The Wall Street Journal reports that the average U.S. executive wastes six weeks annually searching for important documents lost in clutter.
The Small Business Administration (SBA) estimates that 80 percent of filed papers are never looked at again.
According to National Soap and Detergent Association, getting rid of excess clutter would eliminate 40% of housework in the average home.
Harris Interactive reports that 23% of adults say they pay bills late (and incur fees) because they lose them.
The Self Storage Association estimates that there are almost 40,000 self-storage facilities in the United States, and the demand for them doubled from 1994-2004.
Each year, about 100 million households receive 16.6 billion catalogs.-Direct Mail Association
We get more mail in one month than our grandparents got in a lifetime. (napo.net)
Many people waste 1-3 hours a day searching for things because of disorganization and clutter. (napo.net)
Being disorganized and having lots of clutter costs families an average of 10-15% of their income and even more! (napo.net)
80% of what we keep we never use. (Agency Sales Magazine, 4/1/03, Barbara Hemphill)
The U.S. Department of Energy reports that 25% of people don’t park either car in their two-car garage, and 32% park only one car in this same garage.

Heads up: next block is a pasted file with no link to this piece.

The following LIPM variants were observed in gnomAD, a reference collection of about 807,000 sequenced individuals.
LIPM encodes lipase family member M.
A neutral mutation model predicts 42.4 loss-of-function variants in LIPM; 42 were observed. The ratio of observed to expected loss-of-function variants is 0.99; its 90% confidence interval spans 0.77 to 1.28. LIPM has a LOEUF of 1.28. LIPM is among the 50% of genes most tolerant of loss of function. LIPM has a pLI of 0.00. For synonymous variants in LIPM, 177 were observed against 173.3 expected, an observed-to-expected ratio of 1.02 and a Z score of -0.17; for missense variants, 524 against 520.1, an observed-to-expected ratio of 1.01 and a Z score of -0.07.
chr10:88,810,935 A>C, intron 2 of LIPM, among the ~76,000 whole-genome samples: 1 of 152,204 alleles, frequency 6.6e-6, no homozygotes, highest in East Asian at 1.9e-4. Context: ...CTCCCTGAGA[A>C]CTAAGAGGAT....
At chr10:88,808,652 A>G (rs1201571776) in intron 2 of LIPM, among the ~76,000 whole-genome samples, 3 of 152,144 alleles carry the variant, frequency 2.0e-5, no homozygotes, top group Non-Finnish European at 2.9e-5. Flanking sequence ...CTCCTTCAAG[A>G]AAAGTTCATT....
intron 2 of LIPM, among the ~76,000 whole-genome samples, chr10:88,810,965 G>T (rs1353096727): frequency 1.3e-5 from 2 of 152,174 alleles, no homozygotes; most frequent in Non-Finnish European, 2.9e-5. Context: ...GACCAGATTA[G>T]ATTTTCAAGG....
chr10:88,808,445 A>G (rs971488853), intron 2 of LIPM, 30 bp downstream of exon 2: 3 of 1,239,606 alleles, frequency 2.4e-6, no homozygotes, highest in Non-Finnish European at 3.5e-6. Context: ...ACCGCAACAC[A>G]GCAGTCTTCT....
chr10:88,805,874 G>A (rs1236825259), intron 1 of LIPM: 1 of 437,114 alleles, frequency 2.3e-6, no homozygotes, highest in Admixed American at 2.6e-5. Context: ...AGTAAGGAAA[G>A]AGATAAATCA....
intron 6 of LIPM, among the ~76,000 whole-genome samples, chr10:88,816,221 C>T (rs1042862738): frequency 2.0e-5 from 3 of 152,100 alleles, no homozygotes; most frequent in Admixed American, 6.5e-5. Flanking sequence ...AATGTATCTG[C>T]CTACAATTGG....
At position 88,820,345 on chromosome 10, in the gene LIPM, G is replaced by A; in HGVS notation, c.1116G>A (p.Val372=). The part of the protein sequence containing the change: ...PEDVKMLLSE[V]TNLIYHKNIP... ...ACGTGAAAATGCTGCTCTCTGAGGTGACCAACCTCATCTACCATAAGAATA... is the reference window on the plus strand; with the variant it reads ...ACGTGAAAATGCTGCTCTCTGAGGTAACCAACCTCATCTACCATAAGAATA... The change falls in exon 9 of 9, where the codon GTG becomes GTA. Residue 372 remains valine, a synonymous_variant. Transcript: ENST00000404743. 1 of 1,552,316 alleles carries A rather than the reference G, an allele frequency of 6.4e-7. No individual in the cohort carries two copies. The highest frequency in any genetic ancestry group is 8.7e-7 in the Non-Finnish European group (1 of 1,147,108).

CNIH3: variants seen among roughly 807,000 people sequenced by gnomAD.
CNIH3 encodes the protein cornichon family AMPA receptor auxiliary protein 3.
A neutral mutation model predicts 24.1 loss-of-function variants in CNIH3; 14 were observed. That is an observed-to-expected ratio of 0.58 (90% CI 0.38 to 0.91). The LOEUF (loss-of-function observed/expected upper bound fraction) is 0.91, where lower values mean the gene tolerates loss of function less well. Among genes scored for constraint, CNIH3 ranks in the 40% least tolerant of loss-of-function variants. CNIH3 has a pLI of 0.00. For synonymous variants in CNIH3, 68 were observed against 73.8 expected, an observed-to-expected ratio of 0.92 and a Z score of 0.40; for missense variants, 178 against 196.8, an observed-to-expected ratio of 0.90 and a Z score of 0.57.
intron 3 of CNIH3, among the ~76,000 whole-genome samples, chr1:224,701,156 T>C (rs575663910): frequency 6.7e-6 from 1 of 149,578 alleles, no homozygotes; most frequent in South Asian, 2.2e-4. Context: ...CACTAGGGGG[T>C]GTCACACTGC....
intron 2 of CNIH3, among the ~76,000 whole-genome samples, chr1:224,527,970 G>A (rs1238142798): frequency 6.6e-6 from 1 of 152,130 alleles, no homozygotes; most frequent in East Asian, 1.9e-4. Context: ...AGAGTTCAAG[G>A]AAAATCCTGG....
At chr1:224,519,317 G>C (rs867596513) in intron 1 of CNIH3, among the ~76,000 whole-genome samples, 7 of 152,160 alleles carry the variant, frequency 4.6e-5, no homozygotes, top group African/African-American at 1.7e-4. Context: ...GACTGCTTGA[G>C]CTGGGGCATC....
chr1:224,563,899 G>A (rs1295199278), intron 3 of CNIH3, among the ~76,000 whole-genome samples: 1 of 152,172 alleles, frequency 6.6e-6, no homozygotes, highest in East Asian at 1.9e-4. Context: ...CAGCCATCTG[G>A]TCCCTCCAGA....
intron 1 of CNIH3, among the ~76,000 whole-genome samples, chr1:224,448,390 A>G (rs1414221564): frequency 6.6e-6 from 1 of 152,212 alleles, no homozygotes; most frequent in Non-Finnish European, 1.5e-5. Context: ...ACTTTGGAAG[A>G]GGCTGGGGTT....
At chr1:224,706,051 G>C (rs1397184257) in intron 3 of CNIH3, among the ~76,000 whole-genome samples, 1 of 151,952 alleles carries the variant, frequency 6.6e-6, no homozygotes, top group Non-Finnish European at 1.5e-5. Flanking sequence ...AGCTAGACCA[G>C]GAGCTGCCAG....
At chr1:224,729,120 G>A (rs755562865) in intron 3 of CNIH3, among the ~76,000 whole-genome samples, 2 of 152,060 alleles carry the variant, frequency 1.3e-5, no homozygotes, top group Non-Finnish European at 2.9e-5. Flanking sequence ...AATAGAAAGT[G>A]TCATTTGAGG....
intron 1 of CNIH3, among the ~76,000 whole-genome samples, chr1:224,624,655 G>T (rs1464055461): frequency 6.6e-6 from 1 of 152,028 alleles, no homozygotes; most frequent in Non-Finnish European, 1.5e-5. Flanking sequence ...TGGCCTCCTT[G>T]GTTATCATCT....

Of managers surveyed, 49% feel they are often unable to handle the volumes of information received, 38% waste substantial time trying to locate information and 47% say the collection of information distracts from their main job responsibilities. (Reuters Study)
An enterprise employing 1,000 knowledgeable workers wastes $48,000 per week, or nearly 2.5 million per year, due to an inability to locate and retrieve information. (IDC Report, August 2001)
The National Soap and Detergent Association says 80 percent of household clutter is a result of disorganization, not a lack of space.
According to a study conducted by a Boston marketing firm, the average American burns 55 minutes a day looking for things they know they own but cannot find.
65 percent of people describe themselves as “very” or “insanely” busy according to a Day Runner Survey.